Meditation, like anything else worthwhile in life, takes practice. In our current age of endless hustle, FOMO, and technology overload, even the simple act of sitting still for five minutes can seem impossible, let alone getting our minds to do the same.
But if you’re feeling stressed or anxious, if you have trouble letting go of things, if your memory isn’t what it used to, or you’re having a hard time concentrating – studies have shown the myriad benefits of regular meditation practice, including anxiety reduction, pain relief and memory improvement.
However making meditation into a consistent practice often feels complicated and overwhelming for many, so I've decided to share my journey.
After more than a decade of trying, my success with meditation only really began two years ago when one of my gorgeous girlfriends gifted me Lynne McTaggart’s novel “The Power of Eight: Harnessing the Miraculous Energies of a Small Group to Heal Others, Your Life, and the World.”
This monumentally significant book taught us how to unleash the power of healing for each other and for the world, outlining how group intention can heal our lives—and change the world for the better.
Following are a few simple ways in which I navigated my journey into mindfulness with my eight girlfriends by my side:
- Don’t get caught up in the how to do it “right.” Just do it. If you truly want to start meditating, release all pressure on yourself to do it perfectly!
- Pick how long you’d like to meditate. There is NO rule here! When our group of eight first started we all got together on whats app for 10min every day.
- Select the soundtrack to your meditation. Some people like meditating in silence, some prefer white noise, others choose a guided meditation or some calming music.
- Get comfortable and start your timer and find a place to sit that feels calm and quiet to you. I didn’t start with a formal meditation space; however I have since created the most divine crystal altar for my ritual (see blog on how to create crystal altar).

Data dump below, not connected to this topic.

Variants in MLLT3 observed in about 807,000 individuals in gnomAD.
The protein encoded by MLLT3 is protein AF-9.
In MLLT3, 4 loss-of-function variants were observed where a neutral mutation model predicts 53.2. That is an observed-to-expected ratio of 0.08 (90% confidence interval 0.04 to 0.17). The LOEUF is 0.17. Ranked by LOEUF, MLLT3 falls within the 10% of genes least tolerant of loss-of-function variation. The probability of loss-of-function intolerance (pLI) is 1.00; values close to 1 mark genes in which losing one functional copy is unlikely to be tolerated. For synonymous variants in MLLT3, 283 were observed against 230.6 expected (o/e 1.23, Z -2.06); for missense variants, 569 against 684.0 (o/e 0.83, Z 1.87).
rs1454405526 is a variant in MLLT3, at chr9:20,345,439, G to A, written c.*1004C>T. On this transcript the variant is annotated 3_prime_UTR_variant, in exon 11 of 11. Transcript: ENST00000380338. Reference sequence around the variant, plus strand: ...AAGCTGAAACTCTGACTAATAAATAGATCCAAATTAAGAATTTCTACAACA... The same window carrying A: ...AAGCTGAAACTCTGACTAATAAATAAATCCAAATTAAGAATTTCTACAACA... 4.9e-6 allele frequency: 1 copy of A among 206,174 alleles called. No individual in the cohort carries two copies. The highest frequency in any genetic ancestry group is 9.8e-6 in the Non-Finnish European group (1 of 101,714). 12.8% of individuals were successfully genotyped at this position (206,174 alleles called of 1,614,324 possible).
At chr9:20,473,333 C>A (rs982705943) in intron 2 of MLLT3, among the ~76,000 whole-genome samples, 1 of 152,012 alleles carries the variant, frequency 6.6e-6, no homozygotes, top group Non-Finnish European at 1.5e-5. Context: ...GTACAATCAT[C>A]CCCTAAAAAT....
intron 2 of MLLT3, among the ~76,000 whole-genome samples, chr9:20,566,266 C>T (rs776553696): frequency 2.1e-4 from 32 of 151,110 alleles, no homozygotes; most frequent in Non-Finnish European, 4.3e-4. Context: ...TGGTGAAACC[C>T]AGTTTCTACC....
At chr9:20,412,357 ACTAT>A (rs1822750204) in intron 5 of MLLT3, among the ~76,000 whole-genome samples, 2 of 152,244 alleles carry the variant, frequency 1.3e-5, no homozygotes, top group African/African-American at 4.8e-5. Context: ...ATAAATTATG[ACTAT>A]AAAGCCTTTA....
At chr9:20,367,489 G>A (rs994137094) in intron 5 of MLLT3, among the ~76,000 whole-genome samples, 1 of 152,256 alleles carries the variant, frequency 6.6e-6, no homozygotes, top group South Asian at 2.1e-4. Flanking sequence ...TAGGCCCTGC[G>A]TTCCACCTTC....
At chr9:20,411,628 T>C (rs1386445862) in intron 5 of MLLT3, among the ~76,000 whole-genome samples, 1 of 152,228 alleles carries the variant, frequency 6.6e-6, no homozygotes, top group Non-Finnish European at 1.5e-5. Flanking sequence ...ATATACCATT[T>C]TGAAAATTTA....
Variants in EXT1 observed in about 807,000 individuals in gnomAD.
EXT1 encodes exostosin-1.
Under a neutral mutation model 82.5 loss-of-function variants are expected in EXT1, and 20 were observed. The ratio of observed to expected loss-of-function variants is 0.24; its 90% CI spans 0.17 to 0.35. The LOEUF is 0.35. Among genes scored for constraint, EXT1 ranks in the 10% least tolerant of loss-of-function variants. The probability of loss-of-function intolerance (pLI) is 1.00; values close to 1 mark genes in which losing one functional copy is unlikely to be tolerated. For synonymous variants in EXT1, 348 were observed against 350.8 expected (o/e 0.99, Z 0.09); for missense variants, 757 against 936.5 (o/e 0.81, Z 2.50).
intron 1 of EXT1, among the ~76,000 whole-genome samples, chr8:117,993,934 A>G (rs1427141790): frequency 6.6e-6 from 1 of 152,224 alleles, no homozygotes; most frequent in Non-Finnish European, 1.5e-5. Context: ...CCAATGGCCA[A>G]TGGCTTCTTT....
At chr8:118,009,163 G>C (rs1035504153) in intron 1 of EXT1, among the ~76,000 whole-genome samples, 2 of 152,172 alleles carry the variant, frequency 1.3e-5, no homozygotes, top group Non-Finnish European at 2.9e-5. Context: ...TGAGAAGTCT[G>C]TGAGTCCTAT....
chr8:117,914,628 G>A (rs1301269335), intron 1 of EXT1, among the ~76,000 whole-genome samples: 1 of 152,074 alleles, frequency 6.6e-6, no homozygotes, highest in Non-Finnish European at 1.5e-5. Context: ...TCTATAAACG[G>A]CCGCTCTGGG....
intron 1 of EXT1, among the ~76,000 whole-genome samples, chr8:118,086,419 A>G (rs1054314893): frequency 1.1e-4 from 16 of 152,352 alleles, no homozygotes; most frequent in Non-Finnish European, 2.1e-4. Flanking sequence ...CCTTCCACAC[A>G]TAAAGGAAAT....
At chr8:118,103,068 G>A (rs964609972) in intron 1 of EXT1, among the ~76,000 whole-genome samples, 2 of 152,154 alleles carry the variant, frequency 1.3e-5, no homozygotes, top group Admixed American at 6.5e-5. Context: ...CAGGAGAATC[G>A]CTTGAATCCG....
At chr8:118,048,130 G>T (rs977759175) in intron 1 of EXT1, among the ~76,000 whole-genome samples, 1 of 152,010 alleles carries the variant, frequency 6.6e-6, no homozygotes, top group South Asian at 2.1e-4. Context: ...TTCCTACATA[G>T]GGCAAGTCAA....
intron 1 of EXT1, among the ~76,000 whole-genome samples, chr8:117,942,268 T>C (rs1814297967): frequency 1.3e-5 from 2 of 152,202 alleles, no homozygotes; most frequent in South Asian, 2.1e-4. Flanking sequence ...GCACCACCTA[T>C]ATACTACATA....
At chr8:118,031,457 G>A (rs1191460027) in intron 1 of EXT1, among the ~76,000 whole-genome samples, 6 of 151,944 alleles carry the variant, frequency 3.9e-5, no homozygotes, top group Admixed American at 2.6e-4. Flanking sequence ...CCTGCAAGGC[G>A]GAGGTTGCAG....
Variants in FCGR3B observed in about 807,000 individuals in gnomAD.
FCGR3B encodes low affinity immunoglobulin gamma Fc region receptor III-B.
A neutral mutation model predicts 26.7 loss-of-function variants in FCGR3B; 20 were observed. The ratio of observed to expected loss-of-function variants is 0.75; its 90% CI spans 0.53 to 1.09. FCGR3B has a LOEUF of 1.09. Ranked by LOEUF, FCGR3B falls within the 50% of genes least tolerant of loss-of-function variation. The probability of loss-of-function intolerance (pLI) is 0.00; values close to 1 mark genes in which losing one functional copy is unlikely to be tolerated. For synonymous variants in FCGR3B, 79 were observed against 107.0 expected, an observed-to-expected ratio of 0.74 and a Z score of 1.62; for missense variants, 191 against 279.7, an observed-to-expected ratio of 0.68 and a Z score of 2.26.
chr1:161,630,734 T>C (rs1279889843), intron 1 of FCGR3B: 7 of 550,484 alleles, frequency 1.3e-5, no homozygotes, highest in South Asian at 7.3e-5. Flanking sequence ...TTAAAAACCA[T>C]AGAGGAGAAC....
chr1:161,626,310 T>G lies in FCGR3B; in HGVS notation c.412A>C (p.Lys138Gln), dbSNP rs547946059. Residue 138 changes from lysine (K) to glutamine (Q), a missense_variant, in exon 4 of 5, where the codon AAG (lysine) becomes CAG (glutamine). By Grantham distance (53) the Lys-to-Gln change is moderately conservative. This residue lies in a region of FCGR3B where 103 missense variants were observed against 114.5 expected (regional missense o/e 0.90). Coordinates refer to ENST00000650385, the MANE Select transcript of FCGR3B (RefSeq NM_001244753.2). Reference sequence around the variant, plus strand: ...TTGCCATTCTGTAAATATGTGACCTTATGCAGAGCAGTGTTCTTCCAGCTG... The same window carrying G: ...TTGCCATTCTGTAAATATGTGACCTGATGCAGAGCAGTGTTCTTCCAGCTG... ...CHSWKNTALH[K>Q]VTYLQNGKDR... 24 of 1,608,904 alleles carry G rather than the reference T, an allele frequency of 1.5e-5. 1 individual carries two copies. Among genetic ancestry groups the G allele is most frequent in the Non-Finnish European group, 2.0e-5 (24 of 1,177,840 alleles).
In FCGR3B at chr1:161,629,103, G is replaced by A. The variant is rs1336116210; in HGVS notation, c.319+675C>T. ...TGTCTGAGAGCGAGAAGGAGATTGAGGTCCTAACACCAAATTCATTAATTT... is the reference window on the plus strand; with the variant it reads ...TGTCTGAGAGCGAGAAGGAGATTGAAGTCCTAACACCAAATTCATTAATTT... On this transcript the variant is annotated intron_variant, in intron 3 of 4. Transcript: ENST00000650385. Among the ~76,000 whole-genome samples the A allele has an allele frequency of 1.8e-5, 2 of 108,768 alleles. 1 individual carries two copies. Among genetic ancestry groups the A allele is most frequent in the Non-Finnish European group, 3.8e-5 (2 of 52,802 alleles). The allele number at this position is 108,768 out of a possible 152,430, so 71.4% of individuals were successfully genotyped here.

- What should I do with my eyes ? Again there are no rules. I personally close my eyes as I feel it helps me focus, but I know other people like their eyes slightly open.
- Tune into your breath, inhaling deep (expanding your belly) and then fully exhaling, slowly and intentionally contracting your diaphragm. In and out, in and out, in and out.
- Come back to the present moment. In mindfulness meditation, you’re learning how to pay attention to the breath, but you will get distracted! When I first started I was always thinking about what to cook for dinner or how many loads of washing I needed to do. Meditation is not about emptying your mind—I promise you, everyone’s mind wanders when meditating. Just notice when your mind gets distracted, and then gently refocus on the breath. This is where you’ll start to strengthen new neural pathways for focus, calmness, and mindfulness.
- When your meditation time is up, let yourself gently emerge from the meditation. Slowly open your eyes and take a moment to reflect on how you feel, notice any emotions or intentions that that came up.
- Set reminders and make a habit of it. I have an alarm set on my mobile at the same time every week and while each single meditation can have a positive impact, it really is through repetition and consistent progress that you will see true shifts in your mindset, mental health, and willpower.
As you can see meditation is not always about sitting in a zen, cross-legged position and repeating “oooommm” for hours on end. It is about bringing mindfulness, presence, and intention to whatever moment you are in. Focus on your breath, give yourself grace, and you’ll begin to feel major shifts in how you show up and feel…in your meditations and beyond.